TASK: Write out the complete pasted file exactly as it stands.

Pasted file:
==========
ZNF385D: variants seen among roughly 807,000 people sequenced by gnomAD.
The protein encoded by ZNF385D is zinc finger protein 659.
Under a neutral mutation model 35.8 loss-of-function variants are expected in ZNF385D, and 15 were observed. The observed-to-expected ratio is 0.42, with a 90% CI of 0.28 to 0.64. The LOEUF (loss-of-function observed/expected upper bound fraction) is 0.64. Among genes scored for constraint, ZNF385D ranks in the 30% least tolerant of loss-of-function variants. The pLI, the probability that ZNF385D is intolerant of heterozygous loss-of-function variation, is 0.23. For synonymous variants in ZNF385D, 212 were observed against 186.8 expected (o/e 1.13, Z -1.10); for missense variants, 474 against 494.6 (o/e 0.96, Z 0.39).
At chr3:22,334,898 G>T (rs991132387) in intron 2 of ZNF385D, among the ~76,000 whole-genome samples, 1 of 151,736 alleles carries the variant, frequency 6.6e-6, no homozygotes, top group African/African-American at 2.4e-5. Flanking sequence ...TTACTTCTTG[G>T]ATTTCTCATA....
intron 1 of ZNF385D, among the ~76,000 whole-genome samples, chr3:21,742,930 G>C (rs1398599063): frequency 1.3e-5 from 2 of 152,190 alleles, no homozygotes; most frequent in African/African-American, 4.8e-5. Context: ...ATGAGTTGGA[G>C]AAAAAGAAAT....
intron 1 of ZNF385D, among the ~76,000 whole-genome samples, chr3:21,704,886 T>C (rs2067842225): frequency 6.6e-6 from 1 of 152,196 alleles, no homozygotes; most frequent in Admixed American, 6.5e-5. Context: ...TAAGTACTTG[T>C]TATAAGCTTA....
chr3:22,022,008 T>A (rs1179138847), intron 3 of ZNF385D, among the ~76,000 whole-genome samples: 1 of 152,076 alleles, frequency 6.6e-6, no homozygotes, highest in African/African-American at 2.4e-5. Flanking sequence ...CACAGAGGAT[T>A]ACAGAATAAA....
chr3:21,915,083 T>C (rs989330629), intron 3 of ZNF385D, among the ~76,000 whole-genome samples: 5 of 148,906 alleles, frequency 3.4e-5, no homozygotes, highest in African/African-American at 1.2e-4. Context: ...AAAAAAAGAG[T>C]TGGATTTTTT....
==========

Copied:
ZNF385D: variants seen among roughly 807,000 people sequenced by gnomAD.
The protein encoded by ZNF385D is zinc finger protein 659.
Under a neutral mutation model 35.8 loss-of-function variants are expected in ZNF385D, and 15 were observed. The observed-to-expected ratio is 0.42, with a 90% CI of 0.28 to 0.64. The LOEUF (loss-of-function observed/expected upper bound fraction) is 0.64. Among genes scored for constraint, ZNF385D ranks in the 30% least tolerant of loss-of-function variants. The pLI, the probability that ZNF385D is intolerant of heterozygous loss-of-function variation, is 0.23. For synonymous variants in ZNF385D, 212 were observed against 186.8 expected (o/e 1.13, Z -1.10); for missense variants, 474 against 494.6 (o/e 0.96, Z 0.39).
At chr3:22,334,898 G>T (rs991132387) in intron 2 of ZNF385D, among the ~76,000 whole-genome samples, 1 of 151,736 alleles carries the variant, frequency 6.6e-6, no homozygotes, top group African/African-American at 2.4e-5. Flanking sequence ...TTACTTCTTG[G>T]ATTTCTCATA....
intron 1 of ZNF385D, among the ~76,000 whole-genome samples, chr3:21,742,930 G>C (rs1398599063): frequency 1.3e-5 from 2 of 152,190 alleles, no homozygotes; most frequent in African/African-American, 4.8e-5. Context: ...ATGAGTTGGA[G>C]AAAAAGAAAT....
intron 1 of ZNF385D, among the ~76,000 whole-genome samples, chr3:21,704,886 T>C (rs2067842225): frequency 6.6e-6 from 1 of 152,196 alleles, no homozygotes; most frequent in Admixed American, 6.5e-5. Context: ...TAAGTACTTG[T>C]TATAAGCTTA....
chr3:22,022,008 T>A (rs1179138847), intron 3 of ZNF385D, among the ~76,000 whole-genome samples: 1 of 152,076 alleles, frequency 6.6e-6, no homozygotes, highest in African/African-American at 2.4e-5. Flanking sequence ...CACAGAGGAT[T>A]ACAGAATAAA....
chr3:21,915,083 T>C (rs989330629), intron 3 of ZNF385D, among the ~76,000 whole-genome samples: 5 of 148,906 alleles, frequency 3.4e-5, no homozygotes, highest in African/African-American at 1.2e-4. Context: ...AAAAAAAGAG[T>C]TGGATTTTTT....